2020 Skoda Octavia Estate review: price, specs and release date
Improved practicality and emissions mark the latest Skoda Octavia Estate as one to watch next year...
Priced from £21,000 (est) | On sale January
The Skoda Octavia has long been a firm favourite here at What Car?. Despite it being priced to compete against family cars such as the Ford Focus and Volkswagen Golf, the Octavia has provided more interior space for a similar financial outlay. Furthermore, its easy-going nature, decent levels of standard equipment and efficient engines make it a relaxing companion that’s easy on the purse strings, too.
But time waits for no man (or car), so after six years on sale, it’s time for the Octavia to enter its fourth generation with fresh looks inside and out plus plenty of new technology. To give us a good indication of whether Skoda has a winner on its hands, we've been given the opportunity to drive some late prototype examples of the estate.
Considering around 75% of all new Octavias end up as company cars, it's worth pointing out that CO2 emissions are down by an average of 14%. With mild and plug-in hybrid models available along with regular petrol and diesels, there are five engine and gearbox combinations that emit less than 100g/km of CO2. Unfortunately we’re yet to see exact figures, although we do know the diesels are RDE2-complaint, so you don’t have to pay the 4% BIK tax surcharge for diesels.
But Skoda hasn’t stopped there – oh no. Boot space in the estate is up by 30 litres to a cavernous 640 litres; just 10 shy of something supposedly far larger: the BMW X5. Of course, there’s also refreshed styling inside and out, while sporty vRS and SUV-inspired Scout models are on their way. There’s even a plug-in hybrid with more than 30 miles of electric-only range.
2020 Skoda Octavia Estate driving
So far, we’ve driven the familiar turbocharged 1.5-litre four-cylinder petrol engine with a six-speed manual gearbox from the old car and a new 2.0-litre diesel linked to a seven-speed automatic. Both have had a stern test, because all our driving has been done with four occupants on board over some particularly hilly terrain.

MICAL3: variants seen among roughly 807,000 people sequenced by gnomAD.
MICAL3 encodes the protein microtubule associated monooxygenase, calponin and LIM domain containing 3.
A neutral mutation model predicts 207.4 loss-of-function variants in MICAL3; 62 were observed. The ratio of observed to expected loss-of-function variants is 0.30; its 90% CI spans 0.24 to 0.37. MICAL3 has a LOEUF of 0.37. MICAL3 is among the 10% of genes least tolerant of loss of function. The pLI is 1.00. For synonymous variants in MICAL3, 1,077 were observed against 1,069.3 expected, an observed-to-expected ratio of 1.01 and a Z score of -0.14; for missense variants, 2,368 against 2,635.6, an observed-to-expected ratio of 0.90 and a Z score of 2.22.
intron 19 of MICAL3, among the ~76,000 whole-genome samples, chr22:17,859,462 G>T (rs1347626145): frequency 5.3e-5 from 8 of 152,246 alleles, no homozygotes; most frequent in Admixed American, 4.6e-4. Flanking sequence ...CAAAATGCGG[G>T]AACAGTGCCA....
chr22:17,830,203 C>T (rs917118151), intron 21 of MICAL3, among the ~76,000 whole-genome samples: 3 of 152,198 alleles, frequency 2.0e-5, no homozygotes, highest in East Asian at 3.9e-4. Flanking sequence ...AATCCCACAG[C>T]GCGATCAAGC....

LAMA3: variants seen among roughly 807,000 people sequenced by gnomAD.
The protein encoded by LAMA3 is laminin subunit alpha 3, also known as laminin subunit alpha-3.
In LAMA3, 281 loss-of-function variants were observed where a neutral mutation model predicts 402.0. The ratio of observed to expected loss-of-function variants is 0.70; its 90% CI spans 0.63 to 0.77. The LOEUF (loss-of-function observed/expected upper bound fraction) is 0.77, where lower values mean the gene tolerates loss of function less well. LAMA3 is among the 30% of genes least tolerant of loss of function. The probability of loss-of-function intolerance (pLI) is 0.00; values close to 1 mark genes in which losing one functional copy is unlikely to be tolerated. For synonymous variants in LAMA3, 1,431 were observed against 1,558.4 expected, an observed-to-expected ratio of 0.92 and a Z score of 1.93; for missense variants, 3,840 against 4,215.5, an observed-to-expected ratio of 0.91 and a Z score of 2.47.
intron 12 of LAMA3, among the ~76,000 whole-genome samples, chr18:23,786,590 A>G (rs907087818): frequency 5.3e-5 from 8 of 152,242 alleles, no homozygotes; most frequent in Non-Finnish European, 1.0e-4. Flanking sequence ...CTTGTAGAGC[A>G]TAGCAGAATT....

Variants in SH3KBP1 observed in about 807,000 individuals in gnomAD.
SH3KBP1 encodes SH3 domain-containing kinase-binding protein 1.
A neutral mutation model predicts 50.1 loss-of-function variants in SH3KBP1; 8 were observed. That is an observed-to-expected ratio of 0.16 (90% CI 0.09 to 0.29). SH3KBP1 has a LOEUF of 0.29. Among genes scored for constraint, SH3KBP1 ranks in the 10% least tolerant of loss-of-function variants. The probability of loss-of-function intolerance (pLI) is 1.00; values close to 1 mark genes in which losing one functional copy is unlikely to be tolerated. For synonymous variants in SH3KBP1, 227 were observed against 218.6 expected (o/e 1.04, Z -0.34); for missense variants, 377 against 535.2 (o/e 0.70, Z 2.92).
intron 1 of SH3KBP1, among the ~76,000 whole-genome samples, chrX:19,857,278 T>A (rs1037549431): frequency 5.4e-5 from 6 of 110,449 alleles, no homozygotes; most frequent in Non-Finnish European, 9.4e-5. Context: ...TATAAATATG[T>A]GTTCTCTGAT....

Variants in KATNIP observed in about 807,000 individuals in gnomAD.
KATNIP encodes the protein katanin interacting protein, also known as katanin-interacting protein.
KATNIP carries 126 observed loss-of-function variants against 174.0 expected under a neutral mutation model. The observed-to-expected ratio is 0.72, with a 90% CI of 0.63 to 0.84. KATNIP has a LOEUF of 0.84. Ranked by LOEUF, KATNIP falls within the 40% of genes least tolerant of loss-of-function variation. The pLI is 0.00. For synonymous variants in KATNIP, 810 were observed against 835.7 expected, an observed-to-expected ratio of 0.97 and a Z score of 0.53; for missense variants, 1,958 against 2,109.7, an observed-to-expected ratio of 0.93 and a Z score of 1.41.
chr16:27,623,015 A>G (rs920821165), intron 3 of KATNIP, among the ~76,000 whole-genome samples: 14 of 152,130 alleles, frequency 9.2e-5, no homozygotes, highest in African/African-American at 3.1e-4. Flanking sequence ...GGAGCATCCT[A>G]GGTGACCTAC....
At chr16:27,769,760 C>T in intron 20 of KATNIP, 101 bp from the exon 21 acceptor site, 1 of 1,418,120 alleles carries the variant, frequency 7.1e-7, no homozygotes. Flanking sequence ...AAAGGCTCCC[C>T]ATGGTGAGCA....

The 1.5-litre impresses with its hushed engine note and proves more than strong enough to accelerate up steep hills. You do have to be prepared to have the engine spinning beyond 2000rpm for it to pick up speed with real conviction, but it remains smooth all the way to the redline and the gearchange is slick.
However, it's the new diesel that proves the best match. It's smoother and quieter than the engine it replaces and offers greater low-down pulling power, so it doesn't need to be worked as hard up steep slopes. Meanwhile, the automatic gearbox shifts smoothly and swiftly, feeling far less hesitant than many other modern autos.
Both our test cars rode on 18in alloy wheels and optional adjustable suspension. With the suspension in its softer Normal mode, the ride is impressive, proving comfortable even over some particular turbulent Tuscan roads. And the suspension is certainly quieter (the current Octavia is particularly noisy over bumps), with just the odd thud over particularly scarred surfaces.
Despite its comfort, the Octavia handles impressively. Body lean is well contained and grip levels are high, while its precise steering weights up reassuringly during cornering. You wouldn’t call it a barrel of laughs, but it’s very competent and can be hustled along at a decent clip.
2020 Skoda Octavia Estate interior
Interior space is much the same as before, which means enough leg and head room for a 6ft-tall adult to sit behind another with room to spare. The boot is certainly large with a good square shape, while a variable-height floor leaves virtually no load lip when it's set to its highest position. There’s also a number of 'Simply Clever' features available, including a roof-mounted USB port to power your dashcam, a funnel built into the screenwash reservoir cap and, of course, Skoda's signature trick: an umbrella tucked usefully away inside the front door.
Although we can’t show you the dashboard design yet, we can tell you that it looks and feels a bit more upmarket. Unfortunately, Skoda has also joined the many manufacturers trying to banish the button: almost everything, including the climate control system, is operated via the car’s touchscreen. This is more distracting to use while you're driving than simple physical buttons.
In the same vein, the the dial-controlled infotainment system in the Mazda 3 is also easier to use while driving than a touchscreen. The Octavia’s touchscreens come in two sizes, 8.3in or 10.0in; we've tried the latter and found its graphics sharp and its menus easy to navigate.
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